In a move that looks to stymie opponents of home-sharing, Airbnb development partner Niido has announced a deal with smart access platform, Latch.
In October, Niido announced its partnership with Airbnb to build new apartment buildings designed with home sharing and flexible living in mind.
The first building, expected to open this summer in Kissimmee, FL, will allow residents to share their units for up to 180 days each year.
Residents will also get access to tools provided by Niido, including a new app that is integrated with Airbnb to support checking-in and assisting guests during their stay.
When guests book their stays at Niido apartments, they will receive digital credentials which, upon arrival at the Niido buildings, will give them access to the apartment they booked and all the doors necessary to become part of the Niido community.
Luke Schoenfelder, CEO at Latch, said the technology simplifies the home sharing process and encourages safe and secure experiences.
“Safe and seamless access sharing is crucial to the success of home sharing platforms like Niido that represent the future of hospitality and modern living. We are excited that our products are enabling that future, beginning with Niido,” added Schoenfelder.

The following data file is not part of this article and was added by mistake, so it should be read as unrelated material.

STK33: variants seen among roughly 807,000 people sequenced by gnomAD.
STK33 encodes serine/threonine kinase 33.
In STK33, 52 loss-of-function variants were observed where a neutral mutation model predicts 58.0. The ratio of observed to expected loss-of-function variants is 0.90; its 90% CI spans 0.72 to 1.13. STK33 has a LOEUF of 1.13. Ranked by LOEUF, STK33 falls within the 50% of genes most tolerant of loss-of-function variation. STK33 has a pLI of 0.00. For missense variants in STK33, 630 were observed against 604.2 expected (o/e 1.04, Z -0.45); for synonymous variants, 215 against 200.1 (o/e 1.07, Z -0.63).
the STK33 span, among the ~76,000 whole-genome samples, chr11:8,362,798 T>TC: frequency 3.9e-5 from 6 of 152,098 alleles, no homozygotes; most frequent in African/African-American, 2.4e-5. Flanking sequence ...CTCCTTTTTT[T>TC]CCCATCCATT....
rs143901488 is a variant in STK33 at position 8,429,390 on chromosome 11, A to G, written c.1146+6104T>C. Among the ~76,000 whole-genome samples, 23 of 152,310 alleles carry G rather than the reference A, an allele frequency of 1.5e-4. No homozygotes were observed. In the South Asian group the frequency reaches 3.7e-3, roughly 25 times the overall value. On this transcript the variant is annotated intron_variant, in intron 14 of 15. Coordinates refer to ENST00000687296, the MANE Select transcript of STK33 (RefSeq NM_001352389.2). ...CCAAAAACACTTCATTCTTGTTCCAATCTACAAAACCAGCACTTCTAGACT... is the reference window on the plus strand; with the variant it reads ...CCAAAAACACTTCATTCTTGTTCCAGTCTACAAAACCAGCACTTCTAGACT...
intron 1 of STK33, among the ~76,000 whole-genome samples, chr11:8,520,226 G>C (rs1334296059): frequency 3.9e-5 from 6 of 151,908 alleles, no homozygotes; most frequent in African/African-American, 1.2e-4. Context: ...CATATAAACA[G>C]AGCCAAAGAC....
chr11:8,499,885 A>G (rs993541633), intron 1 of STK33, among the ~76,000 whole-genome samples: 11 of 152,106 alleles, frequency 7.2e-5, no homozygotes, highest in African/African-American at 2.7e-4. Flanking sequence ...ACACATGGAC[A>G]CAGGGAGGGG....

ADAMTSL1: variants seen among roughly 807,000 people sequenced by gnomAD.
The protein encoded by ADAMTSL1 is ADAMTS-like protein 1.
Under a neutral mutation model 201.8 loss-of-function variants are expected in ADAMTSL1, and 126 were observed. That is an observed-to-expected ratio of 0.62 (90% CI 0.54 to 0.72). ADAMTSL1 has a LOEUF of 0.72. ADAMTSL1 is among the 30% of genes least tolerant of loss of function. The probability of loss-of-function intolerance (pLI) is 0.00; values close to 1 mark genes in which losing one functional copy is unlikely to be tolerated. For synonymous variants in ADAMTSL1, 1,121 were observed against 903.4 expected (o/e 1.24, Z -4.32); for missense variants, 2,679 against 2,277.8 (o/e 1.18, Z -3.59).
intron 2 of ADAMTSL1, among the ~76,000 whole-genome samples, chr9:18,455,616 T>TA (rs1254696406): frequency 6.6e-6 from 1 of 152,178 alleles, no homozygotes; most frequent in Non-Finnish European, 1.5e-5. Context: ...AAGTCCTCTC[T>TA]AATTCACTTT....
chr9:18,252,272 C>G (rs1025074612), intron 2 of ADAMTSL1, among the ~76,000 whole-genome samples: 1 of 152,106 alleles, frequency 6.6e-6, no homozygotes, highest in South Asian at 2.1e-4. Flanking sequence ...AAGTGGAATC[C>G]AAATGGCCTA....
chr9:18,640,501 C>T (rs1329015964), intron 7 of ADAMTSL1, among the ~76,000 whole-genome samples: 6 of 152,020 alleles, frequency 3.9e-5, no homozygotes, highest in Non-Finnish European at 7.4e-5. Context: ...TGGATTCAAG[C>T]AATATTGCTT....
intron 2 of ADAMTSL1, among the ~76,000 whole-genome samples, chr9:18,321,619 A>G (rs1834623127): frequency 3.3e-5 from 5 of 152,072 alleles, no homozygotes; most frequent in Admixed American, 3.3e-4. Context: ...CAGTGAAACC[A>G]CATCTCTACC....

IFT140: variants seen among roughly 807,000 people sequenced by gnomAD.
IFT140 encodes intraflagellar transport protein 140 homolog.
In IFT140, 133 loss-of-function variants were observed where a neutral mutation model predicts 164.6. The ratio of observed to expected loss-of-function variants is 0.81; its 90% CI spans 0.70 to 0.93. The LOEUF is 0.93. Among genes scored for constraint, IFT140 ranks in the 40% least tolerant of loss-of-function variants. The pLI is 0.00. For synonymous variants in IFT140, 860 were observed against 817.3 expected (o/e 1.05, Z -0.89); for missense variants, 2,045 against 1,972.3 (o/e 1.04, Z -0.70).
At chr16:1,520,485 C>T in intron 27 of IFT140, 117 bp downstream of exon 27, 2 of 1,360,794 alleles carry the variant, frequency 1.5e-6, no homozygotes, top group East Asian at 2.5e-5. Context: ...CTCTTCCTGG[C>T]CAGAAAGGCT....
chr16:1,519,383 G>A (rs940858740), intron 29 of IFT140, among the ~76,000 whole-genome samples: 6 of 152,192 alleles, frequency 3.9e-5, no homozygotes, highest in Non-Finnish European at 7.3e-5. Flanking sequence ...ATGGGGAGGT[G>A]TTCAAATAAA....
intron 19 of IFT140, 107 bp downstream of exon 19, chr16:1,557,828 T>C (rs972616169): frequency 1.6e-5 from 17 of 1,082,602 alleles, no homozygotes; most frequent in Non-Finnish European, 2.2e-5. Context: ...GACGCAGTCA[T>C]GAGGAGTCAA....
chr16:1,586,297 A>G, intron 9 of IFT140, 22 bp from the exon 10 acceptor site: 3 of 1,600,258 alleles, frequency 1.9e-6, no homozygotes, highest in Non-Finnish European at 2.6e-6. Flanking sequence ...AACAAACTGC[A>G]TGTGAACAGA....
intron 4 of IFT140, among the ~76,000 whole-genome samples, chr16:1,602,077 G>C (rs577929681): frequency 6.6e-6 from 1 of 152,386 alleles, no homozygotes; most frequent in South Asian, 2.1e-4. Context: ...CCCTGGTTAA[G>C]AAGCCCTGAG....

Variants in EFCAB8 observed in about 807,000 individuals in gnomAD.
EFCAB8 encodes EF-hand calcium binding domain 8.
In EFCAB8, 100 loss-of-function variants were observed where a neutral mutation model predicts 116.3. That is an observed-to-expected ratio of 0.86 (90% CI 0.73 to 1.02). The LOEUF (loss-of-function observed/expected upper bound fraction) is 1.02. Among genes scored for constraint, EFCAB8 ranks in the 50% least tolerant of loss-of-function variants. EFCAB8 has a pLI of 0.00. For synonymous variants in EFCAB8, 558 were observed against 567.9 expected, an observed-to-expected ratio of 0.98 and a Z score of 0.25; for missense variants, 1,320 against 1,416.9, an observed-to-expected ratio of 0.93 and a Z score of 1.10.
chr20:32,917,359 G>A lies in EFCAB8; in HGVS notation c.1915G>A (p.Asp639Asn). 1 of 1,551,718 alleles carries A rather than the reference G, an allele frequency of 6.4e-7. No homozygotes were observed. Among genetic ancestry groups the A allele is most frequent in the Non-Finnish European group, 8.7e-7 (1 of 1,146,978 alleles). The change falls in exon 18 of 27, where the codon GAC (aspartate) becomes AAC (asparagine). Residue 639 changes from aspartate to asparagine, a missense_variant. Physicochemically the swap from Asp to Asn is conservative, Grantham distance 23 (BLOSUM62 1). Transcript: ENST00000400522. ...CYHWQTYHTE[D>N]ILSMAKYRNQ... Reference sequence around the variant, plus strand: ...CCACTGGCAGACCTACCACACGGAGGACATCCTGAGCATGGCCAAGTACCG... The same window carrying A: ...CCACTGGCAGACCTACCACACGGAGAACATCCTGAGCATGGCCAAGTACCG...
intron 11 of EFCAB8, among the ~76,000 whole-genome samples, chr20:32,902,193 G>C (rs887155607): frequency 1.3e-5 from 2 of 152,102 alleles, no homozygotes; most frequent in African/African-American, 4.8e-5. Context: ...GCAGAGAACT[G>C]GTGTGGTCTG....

The new deal is being viewed as reaction to crackdowns against Airbnb across the country amid claims they home sharing service is taking permanent housing off the market by renting out units to tourists, creating illegal hotels and threatening community safety.
New York has some of the toughest restrictions on short-term rentals in the country. In most of the city, it is illegal to advertise or rent an entire apartment on a platform like Airbnb for less than 30 days unless the host is present and there are only one or two guests,
Vijay Dandapani, the president and CEO of the Hotel Association of New York, said, “My guess is they’re [Airbnb] looking to do something that’s less controversial. It’s probably going to be compliant with multiple dwelling usage laws in this locality it’s being situated. Once you do that, you’ll have less controversy.”
According Dandapani, many Airbnbs in the city are operating as hotels without having to follow city regulations. He explained that Airbnb rentals usually don’t have fire safety regulations and aren’t ADA compliant.
Niido co-founder and chief managing officer, Cindy Diffenderfer, said their system allows tenants to rent out their homes for a maximum of 180 days. The new partnership with Latch, she added, addresses security issues.
“We believe that Niido creates a great solution for all aspects of those concerns,” Diffenderfer said.
In January, Brookfield Property Partners invested $200 million in the Niido venture. The first $20 million is being used towards the Florida project and the rest is for a pipeline that includes three other sites, according to Niido.